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FILE PHOTO - U.S. Secretary of State Rex Tillerson speaks on issues related to visas and travel after U.S. President Donald Trump signed a new travel ban order in Washington, U.S. on March 6, 2017. REUTERS/Kevin Lamarque/File Photo

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By Yeganeh Torbati

OVER THE PACIFIC OCEAN (Reuters) - U.S. Secretary of State Rex Tillerson is travelling to Asia this week accompanied by only one reporter, a White House correspondent from the Independent Journal Review (IJR), a digital news outlet founded in 2012 by former Republican political operatives.

The IJR said in a statement late Tuesday the State Department last week offered one of its reporters, Erin McPike, a place aboard the Secretary's aircraft on his trip this week to Asia.

State Department officials did not immediately respond to requests for comment on why IJR and McPike were chosen to travel with Tillerson.

The State Department had previously told reporters covering Tillerson’s trip to South Korea, Japan, and China that he would not be taking reporters on his plane and that they would have to fly commercially, breaking with decades of precedent stretching back to Henry Kissinger.

Major news organizations complained, among them the BBC, CNN, New York Times, Washington Post and Reuters.

McPike is a White House correspondent for IJR, and previously reported for CNN, Real Clear Politics, NBC News, and National Journal, according to a statement on IJR’s website when she joined the site in February. She also briefly covered the 2016 election campaign for Reuters.

"We don't take this opportunity lightly and recognise the controversy surrounding press access for the trip," Alex Skatell, IJR's founder and chief executive, said in a statement on Tuesday.

"Last week, the State Department officially offered McPike an opportunity to cover the secretary's upcoming trip to Asia. An official explained that the delegation would be flying on a smaller plane than normal and that press access would be limited. After editorial consultation, McPike accepted the seat."

Thus far, McPike has not filed any "pool reports" that reporters travelling with a Secretary of State customarily file, to inform colleagues not with the secretary of statements or actions by the top U.S. Diplomat.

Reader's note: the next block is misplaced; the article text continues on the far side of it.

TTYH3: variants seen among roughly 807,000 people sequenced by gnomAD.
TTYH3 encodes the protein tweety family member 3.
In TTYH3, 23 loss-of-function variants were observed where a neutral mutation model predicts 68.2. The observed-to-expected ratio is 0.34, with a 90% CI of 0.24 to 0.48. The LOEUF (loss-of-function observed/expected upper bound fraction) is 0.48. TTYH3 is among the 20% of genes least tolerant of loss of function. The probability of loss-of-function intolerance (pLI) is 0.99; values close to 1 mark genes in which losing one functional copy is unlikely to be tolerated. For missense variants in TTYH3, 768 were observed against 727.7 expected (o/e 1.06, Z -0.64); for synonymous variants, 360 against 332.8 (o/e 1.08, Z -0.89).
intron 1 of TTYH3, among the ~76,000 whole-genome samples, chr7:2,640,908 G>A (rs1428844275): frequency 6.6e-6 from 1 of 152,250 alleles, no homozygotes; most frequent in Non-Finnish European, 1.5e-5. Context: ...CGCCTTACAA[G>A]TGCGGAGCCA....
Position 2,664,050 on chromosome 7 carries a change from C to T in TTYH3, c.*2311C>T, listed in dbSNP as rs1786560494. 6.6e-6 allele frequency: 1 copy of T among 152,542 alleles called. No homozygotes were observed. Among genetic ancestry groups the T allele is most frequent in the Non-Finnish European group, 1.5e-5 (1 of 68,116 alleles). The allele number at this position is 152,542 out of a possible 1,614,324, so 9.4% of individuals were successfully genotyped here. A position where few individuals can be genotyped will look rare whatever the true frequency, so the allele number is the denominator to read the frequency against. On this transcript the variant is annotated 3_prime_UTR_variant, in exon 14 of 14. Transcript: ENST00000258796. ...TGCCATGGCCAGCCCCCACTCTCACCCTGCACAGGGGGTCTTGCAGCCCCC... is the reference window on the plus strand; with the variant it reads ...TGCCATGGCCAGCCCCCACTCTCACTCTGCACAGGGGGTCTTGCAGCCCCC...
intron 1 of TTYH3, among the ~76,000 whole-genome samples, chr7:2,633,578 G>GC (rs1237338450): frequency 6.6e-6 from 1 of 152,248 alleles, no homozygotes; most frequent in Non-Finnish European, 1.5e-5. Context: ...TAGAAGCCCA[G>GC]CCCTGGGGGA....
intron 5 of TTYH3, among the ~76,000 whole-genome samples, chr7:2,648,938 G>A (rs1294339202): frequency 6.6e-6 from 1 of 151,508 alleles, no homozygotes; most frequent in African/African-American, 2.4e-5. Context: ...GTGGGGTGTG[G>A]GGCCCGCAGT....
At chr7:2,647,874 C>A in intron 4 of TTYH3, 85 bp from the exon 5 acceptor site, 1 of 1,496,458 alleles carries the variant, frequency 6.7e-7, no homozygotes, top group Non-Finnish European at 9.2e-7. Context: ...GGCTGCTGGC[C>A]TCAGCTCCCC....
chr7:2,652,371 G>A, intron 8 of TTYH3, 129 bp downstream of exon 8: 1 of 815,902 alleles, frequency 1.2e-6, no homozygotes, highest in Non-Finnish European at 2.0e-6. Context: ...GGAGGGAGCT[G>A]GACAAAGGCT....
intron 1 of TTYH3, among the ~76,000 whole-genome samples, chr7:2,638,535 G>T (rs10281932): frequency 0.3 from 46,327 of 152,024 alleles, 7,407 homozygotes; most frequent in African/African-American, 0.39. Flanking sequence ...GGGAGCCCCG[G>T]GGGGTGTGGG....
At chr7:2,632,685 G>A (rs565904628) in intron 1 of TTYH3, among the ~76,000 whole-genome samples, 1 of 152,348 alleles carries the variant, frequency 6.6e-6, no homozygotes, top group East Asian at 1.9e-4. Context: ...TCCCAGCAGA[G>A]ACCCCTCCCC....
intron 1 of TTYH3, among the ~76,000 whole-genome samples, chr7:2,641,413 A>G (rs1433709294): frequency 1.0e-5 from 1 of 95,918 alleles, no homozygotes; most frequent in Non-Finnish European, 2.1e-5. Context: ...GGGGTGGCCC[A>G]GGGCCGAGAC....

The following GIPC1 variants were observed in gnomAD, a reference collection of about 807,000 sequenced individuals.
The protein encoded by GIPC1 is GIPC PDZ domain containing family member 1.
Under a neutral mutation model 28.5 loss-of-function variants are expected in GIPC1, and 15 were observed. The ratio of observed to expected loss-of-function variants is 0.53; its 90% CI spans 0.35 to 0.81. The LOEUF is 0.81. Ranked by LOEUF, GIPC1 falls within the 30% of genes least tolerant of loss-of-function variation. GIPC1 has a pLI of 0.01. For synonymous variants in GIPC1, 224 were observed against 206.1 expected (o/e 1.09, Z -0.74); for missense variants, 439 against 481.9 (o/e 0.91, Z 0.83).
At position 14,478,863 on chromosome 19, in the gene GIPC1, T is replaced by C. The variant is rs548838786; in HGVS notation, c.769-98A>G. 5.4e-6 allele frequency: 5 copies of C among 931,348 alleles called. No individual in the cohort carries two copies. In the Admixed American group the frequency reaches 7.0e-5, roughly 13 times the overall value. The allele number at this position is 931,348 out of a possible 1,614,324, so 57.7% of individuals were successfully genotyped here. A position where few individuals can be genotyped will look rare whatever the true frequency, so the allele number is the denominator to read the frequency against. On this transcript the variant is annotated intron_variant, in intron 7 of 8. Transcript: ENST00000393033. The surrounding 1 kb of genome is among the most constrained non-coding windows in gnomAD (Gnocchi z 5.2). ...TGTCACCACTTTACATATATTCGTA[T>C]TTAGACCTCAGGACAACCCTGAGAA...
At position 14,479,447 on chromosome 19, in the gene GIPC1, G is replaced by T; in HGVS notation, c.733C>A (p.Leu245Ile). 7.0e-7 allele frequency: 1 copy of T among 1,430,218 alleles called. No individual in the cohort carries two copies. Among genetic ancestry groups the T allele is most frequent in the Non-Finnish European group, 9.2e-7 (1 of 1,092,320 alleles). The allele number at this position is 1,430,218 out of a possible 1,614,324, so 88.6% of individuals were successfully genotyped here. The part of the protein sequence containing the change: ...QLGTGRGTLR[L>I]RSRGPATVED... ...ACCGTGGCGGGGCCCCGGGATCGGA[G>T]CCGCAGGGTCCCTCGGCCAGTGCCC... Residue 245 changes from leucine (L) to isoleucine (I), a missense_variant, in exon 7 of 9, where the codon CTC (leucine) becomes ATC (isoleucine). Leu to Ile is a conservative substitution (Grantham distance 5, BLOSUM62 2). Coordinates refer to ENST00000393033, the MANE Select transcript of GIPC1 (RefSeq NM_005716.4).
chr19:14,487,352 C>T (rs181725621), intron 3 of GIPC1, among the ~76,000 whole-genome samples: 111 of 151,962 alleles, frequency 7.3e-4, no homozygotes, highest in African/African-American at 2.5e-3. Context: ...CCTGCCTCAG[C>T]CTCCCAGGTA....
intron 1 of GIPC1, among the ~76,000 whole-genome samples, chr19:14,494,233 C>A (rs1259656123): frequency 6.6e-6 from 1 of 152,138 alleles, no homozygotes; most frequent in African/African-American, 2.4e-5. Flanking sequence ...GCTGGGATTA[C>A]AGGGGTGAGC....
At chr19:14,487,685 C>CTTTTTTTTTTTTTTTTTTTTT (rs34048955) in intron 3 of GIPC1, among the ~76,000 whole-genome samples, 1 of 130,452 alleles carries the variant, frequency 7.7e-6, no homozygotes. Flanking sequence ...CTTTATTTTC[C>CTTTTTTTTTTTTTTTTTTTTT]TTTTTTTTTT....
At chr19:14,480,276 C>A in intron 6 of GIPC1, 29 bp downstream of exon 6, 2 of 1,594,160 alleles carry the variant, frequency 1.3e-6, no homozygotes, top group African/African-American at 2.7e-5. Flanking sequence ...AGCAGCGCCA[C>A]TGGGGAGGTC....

The State Department Correspondents Association, which represents reporters who cover U.S. diplomacy, said in a statement that it was "disappointed" Tillerson chose to travel to Asia without a full contingent of media "or even a pool reporter".

"After saying it was unable to accommodate press on the Secretary's plane to Asia due to space and budget constraints, the State Department offered a unilateral seat to one reporter," the statement said.

"Several of our members have travelled commercially to meet Secretary Tillerson on the ground in Asia. We expect that the diplomatic press corps will be afforded access to Secretary Tillerson equal to that given to the reporter on the plane."

A spokesman for IJR, Matt Manda, did not immediately respond to a request for comment on whether McPike would file pool reports to colleagues, or whether IJR had any comment on the SDCA’s statement.

For decades, secretaries of state have nearly always invited media to travel with them. In rare cases, particularly late in a secretary's tenure, some outlets have declined the invitations, such as for former Secretary John Kerry's December 2016 trip to Saudi Arabia.

Republican secretaries of state Alexander Haig, George Shultz, James Baker, and Condoleezza Rice routinely took 10 or more journalists on their overseas trips, even to conflict zones such as Lebanon and Central America.

Up through Tuesday, just hours before Tillerson was scheduled to leave, the State Department declined to confirm whether there would be any reporters on Tillerson’s plane.

Acting State Department spokesman Mark Toner said in a phone briefing with reporters on Tuesday that the agency was considering "having a seat available" on his plane.

"We've been very clear, frankly, that this is a smaller footprint all around, and this is the Secretary's decision, to travel with a smaller footprint," Toner said. "To some degree, it's a cost-saving measure."

News organizations that travel with U.S. officials pay the U.S. government for the cost of their air travel.

Before founding IJR, Skatell worked for the National Republican Senatorial Committee and for the Republican Governors Association, according to his LinkedIn profile. Another founder, Phil Musser, previously served as executive director of the Republican Governors Association and served in the Department of Housing and Urban Development during the George W. Bush administration.

The conservative-leaning outlet, which bills itself as a digitally savvy news source for millennials, has 35 million monthly readers and more than 50 reporters, according to its website. Skatell told the New York Times in 2014 that he wanted to start a site after observing a gap in reaching "a more mainstream center-right audience."

IJR reports on a wide range of political and national news, specializing in short items with punchy headlines. Trending Tuesday headlines on the site included "Planned Parenthood Executive Makes Bigtime Humiliating Mistake of Going on Tucker Carlson's Show" and "Dem. Congressman Warned Not Once, Not Twice, But Three Times — Then Officers Put Him in Handcuffs."

(Reportng by Yeganeh Torbati on a flight from San Francisco to Seoul; Additional reporting by Arshad Mohammed in Washington; Editing by Sam Holmes)

Reuters